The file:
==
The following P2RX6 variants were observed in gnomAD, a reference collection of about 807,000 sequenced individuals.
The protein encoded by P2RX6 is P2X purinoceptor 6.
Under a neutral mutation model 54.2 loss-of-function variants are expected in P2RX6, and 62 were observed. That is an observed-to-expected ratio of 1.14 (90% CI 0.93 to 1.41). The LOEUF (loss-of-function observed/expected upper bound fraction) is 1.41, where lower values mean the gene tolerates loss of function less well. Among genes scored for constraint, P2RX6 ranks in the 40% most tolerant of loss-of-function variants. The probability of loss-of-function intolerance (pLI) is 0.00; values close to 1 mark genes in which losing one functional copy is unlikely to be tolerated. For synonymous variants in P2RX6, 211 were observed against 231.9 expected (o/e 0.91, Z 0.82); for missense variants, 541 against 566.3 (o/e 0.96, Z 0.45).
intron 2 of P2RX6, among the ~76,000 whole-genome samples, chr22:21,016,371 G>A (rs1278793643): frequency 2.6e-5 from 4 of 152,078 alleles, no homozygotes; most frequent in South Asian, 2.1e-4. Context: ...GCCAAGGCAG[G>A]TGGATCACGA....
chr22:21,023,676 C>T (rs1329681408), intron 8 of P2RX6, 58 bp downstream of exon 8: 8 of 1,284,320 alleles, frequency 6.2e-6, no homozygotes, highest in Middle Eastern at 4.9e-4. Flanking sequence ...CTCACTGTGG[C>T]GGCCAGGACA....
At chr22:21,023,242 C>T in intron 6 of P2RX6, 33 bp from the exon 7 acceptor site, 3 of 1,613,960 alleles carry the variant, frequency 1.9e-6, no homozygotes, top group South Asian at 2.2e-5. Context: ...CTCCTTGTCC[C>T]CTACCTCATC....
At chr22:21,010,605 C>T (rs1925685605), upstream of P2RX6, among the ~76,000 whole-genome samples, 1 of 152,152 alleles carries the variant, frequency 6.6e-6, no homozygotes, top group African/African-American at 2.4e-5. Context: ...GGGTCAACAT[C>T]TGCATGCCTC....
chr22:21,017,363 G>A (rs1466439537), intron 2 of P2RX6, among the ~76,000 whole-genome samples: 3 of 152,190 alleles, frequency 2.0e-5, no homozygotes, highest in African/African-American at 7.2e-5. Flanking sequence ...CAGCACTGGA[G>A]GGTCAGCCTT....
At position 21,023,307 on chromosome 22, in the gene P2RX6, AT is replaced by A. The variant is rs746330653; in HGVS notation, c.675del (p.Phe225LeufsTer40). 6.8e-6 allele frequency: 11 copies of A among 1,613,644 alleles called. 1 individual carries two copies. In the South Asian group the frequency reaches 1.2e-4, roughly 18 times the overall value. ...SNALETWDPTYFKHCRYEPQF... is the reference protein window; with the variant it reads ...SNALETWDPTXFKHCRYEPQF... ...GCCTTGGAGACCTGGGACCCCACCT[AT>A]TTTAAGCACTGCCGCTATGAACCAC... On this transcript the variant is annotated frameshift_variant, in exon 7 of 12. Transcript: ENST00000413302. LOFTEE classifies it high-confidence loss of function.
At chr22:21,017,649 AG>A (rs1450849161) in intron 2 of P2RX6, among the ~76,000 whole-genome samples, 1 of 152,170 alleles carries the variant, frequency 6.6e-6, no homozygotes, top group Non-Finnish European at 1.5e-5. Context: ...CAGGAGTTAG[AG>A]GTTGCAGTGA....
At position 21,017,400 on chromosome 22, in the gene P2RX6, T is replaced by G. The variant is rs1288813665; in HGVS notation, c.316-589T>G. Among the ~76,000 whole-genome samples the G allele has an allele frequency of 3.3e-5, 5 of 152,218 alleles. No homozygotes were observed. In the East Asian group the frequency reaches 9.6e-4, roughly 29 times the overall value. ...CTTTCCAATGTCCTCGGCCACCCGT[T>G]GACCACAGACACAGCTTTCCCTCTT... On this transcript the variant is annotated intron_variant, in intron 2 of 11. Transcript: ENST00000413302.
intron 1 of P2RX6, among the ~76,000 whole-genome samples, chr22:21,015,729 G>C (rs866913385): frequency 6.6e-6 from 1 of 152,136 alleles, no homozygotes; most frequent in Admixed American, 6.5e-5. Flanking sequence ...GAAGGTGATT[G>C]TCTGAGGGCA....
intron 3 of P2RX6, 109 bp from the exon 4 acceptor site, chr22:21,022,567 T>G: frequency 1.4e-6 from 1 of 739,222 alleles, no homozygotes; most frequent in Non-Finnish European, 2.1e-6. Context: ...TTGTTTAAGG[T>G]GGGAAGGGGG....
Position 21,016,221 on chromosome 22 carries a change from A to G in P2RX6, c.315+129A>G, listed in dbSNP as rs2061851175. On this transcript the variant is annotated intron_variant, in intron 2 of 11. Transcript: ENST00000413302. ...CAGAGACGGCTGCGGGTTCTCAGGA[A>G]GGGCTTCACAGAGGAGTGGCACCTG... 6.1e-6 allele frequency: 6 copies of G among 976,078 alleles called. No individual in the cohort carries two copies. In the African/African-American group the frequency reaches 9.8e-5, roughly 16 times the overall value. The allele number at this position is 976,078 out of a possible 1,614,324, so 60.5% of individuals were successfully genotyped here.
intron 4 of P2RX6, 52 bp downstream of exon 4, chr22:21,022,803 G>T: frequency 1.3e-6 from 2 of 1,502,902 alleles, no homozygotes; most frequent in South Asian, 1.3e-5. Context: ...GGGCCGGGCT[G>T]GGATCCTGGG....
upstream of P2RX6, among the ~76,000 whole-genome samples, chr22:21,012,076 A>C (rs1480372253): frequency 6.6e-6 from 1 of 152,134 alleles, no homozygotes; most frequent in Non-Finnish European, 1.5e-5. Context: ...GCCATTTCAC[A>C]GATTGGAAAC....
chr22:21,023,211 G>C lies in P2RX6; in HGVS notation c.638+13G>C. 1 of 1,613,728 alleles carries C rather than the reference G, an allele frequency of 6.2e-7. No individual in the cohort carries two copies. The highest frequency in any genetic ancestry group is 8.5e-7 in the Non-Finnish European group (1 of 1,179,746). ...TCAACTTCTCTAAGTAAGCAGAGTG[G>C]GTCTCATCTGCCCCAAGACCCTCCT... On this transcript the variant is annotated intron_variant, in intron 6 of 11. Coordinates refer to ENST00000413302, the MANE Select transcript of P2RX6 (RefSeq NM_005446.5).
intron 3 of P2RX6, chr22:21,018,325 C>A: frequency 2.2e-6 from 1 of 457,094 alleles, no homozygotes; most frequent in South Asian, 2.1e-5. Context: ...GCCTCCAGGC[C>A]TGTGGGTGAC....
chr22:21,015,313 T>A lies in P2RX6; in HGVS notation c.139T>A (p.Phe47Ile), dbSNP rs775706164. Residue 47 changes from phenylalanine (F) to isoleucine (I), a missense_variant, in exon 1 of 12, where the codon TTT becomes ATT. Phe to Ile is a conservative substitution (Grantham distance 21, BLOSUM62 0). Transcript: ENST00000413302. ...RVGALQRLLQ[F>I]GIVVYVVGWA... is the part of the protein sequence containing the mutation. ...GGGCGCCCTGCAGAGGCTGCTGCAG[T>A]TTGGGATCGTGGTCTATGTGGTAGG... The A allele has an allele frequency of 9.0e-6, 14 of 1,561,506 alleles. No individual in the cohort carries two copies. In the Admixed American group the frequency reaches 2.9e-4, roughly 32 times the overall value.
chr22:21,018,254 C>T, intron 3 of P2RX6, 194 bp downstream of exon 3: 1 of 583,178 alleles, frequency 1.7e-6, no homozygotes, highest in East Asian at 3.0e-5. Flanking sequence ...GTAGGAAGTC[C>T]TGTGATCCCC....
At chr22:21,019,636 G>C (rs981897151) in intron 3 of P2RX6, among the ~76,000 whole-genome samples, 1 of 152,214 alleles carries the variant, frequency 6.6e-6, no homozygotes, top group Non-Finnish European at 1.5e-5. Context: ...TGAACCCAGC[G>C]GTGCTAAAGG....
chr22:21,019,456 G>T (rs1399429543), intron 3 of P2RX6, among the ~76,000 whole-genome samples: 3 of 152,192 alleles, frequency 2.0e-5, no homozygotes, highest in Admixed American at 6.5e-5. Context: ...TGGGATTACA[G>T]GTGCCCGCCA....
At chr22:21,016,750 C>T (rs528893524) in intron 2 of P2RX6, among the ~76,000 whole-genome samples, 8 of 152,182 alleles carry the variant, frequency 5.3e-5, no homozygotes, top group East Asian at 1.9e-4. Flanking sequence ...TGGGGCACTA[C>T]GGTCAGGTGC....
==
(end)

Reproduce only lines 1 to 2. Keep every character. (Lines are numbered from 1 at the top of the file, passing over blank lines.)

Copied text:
The following P2RX6 variants were observed in gnomAD, a reference collection of about 807,000 sequenced individuals.
The protein encoded by P2RX6 is P2X purinoceptor 6.